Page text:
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She Says: Martin McDonagh’s Hangman Asks Who Really Are The Killers

She Says: Martin McDonagh’s Hangman Asks Who Really Are The Killers
David Lansbury, Gilles Geary, Billy Carter

David Lansbury, Gilles Geary (seated), Billy Carter. Photo by Ahron R. Foster

How many innocent men are killed or put into prison? According to statistics about 120,000.00 are incarcerated for crimes they did not commit. In 2015, 149 people were cleared for crimes they didn’t commit, more than any other year in history.  I remember the movie “The Thin Blue Line”, changed my perspective and innocents on the ideal that people in prison and who were killed, were guilty. Enter Martin McDonagh’s (“Three Billboards Outside Ebbing, Missouri“) Hangmen.

Mark Addy, Sally Rogers, Richard Hollis, John Horton, Billy Carter

Mark Addy, Sally Rogers, Richard Hollis, John Horton, Billy Carter. Photo by Ahron R. Foster

We begin in 1963, a prison in England, as Hennessy (a wonderful Gilles Geary), pleads for his life proclaiming his innocence. The no nonsense warden or the hangman, Harry (the stalwart Mark Addy, Robert Baratheon on Game of Thrones) tells him it will go quickly, if he just relaxes. Harry’s assistant, Syd (the snake like Reece Shearsmith) stammers with nervousness over the situation and in the end Hennessy is hung. Harry and the crew go to breakfast, just like it is any other day. McDonagh adds a sarcastic wit, to this violent outcome.
Mark Addy, Sally Rogers

Mark Addy, Sally Rogers Photo by Ahron R. Foster

The set changes with an electric glare thanks to lighting designer Joshua Carr and in a blink of an eye set and costume designer, Anna Fleischle brings us to a pub in Oldham, Lancashire. The bar is owned by Harry, who turns out is the #2 hangman and his wife Alice (a wry Sally Rogers). With the abolishing of death by hanging, Harry holds court, still a local celebrity. Bill (Richard Hollis), Charlie (Billy Carter) who repeats everything to Arthur (John Horton), the police inspector Fry (David Lansbury) and Clegg (Owen Campbell), a newspaper reporter who is trying to get a quote from Harry, gather to shoot the breeze and drink pints. Enter newcomer, a shaggy haired Mooney (Johnny Flynn), a menacing, seductive stranger from up north. Mooney orders a pint and a bag of nuts. He brings with him an air of unfamiliarity that the locals do not like, except for 15 year-old Shirley (Gaby French) and Alice. Mooney is looking for a room to rent and at first Alice agrees. The next day as the storm starts to intensify with eerie sound effects by Ian Dickinson, so does the feeling of doom and impending violence. And we can’t leave out Albert (Maxwell Caulfield), England’s No. 1 hangman. Not everything is as it seems.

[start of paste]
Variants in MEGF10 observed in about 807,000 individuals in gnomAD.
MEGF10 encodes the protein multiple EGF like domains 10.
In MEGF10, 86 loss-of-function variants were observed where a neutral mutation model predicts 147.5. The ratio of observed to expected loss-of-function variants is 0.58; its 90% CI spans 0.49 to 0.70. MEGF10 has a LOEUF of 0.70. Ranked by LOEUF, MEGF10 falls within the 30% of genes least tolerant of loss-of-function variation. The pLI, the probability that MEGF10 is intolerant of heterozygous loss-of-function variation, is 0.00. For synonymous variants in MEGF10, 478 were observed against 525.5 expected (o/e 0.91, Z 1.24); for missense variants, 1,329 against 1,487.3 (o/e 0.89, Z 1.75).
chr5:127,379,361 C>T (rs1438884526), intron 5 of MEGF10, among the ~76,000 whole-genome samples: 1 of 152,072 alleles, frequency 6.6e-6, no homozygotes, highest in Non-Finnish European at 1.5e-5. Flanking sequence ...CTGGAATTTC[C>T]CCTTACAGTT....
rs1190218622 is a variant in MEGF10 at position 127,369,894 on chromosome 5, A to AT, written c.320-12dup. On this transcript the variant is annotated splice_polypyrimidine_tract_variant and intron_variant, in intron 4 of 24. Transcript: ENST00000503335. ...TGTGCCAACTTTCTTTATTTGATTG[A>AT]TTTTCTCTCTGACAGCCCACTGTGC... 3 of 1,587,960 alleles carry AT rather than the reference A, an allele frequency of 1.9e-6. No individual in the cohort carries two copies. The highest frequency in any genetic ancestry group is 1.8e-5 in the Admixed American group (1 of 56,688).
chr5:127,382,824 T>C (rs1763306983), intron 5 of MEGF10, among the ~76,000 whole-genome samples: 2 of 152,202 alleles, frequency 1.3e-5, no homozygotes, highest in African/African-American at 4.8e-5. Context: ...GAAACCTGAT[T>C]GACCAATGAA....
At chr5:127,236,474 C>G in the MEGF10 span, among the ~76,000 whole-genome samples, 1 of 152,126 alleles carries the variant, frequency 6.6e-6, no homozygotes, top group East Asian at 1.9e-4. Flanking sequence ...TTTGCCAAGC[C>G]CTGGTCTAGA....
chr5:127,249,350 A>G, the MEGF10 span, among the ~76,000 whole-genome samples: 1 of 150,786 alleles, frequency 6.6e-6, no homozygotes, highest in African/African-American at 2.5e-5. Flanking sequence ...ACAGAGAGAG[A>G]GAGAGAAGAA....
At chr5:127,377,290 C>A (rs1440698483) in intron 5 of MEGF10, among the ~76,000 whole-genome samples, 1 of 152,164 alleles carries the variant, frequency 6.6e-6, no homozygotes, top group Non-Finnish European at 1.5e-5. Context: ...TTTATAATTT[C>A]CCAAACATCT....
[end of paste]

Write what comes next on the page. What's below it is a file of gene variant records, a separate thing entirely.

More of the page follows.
Johnny Flynn

Johnny Flynn Photo by Ahron R. Foster

The cast is a well put together ensemble with Johnny Flynn as the standout. His layering of this character leaves us off guard. We are seduced, fearful and carried on his manipulative journey of no return.

Johnny Flynn, Gaby French

Johnny Flynn, Gaby French Photo by Ahron R. Foster

Matthew Dunster’s direction is propelled as if this were a murder mystery. He has taken us on this rollercoaster ride that whips into a frenzy, bringing out the best in his actors.
Mark Addy, Johnny Flynn

Mark Addy, Johnny Flynn Photo by Ahron R. Foster

Hangmen had a successful run in London and like all McDonagh plays, twists and turns that feel like a knife in your gut are abundant and gleeful. The difference is the blood and gore has gotten more internal than external. McDonagh is a master in psychological mind f**ks. He hides racism and sexist comments in sardonic wit and sinister delight.
I expect Hangmen to move to Broadway in time for Tony season and be a serious contender for Best Play.
Hangmen: Atlantic Theatre Company; Linda Gross Theatre, 20th St. until March 7th.

Off Broadway

Suzanna, co-owns and publishes the newspaper Times Square Chronicles or T2C. At one point a working actress, she has performed in numerous productions in film, TV, cabaret and theatre. She has performed at The New Orleans Jazz festival, The United Nations and Carnegie Hall. Currently she has a screenplay in the works, which she developed with her mentor and friend the late Arthur Herzog. She was the Broadway Informer on the all access cable TV Show “The New Yorkers,” soon to be “The Tourist Channel.” email:

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